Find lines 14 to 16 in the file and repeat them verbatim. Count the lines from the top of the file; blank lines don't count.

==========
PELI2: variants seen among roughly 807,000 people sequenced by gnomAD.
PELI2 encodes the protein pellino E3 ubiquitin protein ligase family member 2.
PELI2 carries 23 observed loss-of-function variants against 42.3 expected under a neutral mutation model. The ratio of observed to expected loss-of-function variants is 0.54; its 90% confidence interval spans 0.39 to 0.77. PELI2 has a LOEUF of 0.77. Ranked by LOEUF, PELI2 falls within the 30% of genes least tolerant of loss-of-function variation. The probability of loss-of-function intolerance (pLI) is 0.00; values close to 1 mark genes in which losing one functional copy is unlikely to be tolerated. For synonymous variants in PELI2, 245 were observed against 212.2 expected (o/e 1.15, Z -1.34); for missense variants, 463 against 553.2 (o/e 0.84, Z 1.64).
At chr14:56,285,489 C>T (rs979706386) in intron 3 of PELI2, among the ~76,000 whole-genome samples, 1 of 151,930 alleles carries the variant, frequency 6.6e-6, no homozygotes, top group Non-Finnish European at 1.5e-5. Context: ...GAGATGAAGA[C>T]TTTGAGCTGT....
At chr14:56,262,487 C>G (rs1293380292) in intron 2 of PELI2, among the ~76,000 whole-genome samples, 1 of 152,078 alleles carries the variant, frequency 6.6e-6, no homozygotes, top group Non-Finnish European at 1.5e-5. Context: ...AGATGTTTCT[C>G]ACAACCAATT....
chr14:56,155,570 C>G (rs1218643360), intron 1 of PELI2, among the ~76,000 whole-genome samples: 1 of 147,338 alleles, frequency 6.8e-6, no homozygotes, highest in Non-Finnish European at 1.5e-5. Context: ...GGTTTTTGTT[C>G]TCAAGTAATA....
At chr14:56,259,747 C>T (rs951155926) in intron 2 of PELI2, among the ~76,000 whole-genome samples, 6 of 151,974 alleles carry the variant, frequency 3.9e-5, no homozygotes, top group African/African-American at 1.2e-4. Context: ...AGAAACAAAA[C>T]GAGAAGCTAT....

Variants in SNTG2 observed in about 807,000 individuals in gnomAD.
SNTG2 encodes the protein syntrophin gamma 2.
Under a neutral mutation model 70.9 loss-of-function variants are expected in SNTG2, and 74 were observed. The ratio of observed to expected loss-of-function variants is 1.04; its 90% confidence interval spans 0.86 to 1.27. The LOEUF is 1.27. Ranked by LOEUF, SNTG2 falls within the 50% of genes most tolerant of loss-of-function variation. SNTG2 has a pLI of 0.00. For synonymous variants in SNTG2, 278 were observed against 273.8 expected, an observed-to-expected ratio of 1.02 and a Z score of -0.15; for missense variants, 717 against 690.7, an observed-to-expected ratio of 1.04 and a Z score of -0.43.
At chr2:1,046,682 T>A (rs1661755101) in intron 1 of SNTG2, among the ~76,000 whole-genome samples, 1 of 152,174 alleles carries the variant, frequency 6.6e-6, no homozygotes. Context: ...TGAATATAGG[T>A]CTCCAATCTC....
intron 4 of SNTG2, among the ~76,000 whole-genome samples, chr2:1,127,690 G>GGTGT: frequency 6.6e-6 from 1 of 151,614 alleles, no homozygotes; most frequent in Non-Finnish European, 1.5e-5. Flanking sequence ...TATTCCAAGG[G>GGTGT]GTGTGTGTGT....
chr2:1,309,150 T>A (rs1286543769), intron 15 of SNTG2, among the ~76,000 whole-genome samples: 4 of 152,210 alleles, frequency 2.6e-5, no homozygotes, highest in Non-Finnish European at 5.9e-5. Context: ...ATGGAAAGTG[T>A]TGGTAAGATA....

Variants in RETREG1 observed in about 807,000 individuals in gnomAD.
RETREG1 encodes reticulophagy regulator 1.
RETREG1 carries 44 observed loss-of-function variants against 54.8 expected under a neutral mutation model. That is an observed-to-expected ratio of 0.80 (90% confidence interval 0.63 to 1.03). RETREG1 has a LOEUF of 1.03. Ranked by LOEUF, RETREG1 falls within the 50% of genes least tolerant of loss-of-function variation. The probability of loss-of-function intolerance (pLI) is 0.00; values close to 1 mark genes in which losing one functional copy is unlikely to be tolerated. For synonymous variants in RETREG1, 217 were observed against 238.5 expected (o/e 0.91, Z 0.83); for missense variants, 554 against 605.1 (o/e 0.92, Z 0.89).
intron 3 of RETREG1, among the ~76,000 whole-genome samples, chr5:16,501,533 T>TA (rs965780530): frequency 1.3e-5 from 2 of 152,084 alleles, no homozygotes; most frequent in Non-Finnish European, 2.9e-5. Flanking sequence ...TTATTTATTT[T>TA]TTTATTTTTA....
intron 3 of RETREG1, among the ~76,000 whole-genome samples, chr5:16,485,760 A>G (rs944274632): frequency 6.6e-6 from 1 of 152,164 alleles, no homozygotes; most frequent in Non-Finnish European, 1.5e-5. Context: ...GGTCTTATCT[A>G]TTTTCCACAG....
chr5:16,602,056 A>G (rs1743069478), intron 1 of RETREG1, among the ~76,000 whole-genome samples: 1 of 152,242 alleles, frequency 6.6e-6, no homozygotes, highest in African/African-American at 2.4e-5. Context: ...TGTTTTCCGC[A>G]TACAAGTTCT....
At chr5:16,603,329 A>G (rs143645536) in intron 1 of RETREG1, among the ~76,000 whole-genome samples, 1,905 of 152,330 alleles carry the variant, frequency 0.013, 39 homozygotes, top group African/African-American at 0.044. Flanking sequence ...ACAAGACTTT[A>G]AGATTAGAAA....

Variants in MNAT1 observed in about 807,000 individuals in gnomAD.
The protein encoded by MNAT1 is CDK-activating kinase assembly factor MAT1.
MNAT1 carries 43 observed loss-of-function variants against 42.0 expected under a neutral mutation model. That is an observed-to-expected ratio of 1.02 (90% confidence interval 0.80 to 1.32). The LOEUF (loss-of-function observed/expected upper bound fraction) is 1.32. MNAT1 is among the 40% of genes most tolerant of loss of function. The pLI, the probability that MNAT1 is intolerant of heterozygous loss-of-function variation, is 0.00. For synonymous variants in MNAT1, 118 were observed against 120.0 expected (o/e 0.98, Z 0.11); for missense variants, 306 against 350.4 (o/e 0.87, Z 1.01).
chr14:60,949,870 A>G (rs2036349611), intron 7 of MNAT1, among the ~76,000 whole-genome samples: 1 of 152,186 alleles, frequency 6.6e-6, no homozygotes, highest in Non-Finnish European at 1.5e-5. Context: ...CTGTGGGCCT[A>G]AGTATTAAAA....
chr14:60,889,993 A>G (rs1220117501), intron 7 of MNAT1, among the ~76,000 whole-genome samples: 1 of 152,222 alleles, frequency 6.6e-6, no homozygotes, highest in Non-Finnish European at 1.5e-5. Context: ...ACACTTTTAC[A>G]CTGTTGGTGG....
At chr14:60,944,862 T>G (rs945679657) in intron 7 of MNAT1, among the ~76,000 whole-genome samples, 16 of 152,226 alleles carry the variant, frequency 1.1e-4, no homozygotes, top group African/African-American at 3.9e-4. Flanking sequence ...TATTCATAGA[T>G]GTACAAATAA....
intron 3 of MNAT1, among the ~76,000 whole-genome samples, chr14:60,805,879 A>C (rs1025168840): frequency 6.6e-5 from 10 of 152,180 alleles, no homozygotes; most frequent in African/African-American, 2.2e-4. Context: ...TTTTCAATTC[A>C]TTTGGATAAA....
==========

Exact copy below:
Variants in RETREG1 observed in about 807,000 individuals in gnomAD.
RETREG1 encodes reticulophagy regulator 1.
RETREG1 carries 44 observed loss-of-function variants against 54.8 expected under a neutral mutation model. That is an observed-to-expected ratio of 0.80 (90% confidence interval 0.63 to 1.03). RETREG1 has a LOEUF of 1.03. Ranked by LOEUF, RETREG1 falls within the 50% of genes least tolerant of loss-of-function variation. The probability of loss-of-function intolerance (pLI) is 0.00; values close to 1 mark genes in which losing one functional copy is unlikely to be tolerated. For synonymous variants in RETREG1, 217 were observed against 238.5 expected (o/e 0.91, Z 0.83); for missense variants, 554 against 605.1 (o/e 0.92, Z 0.89).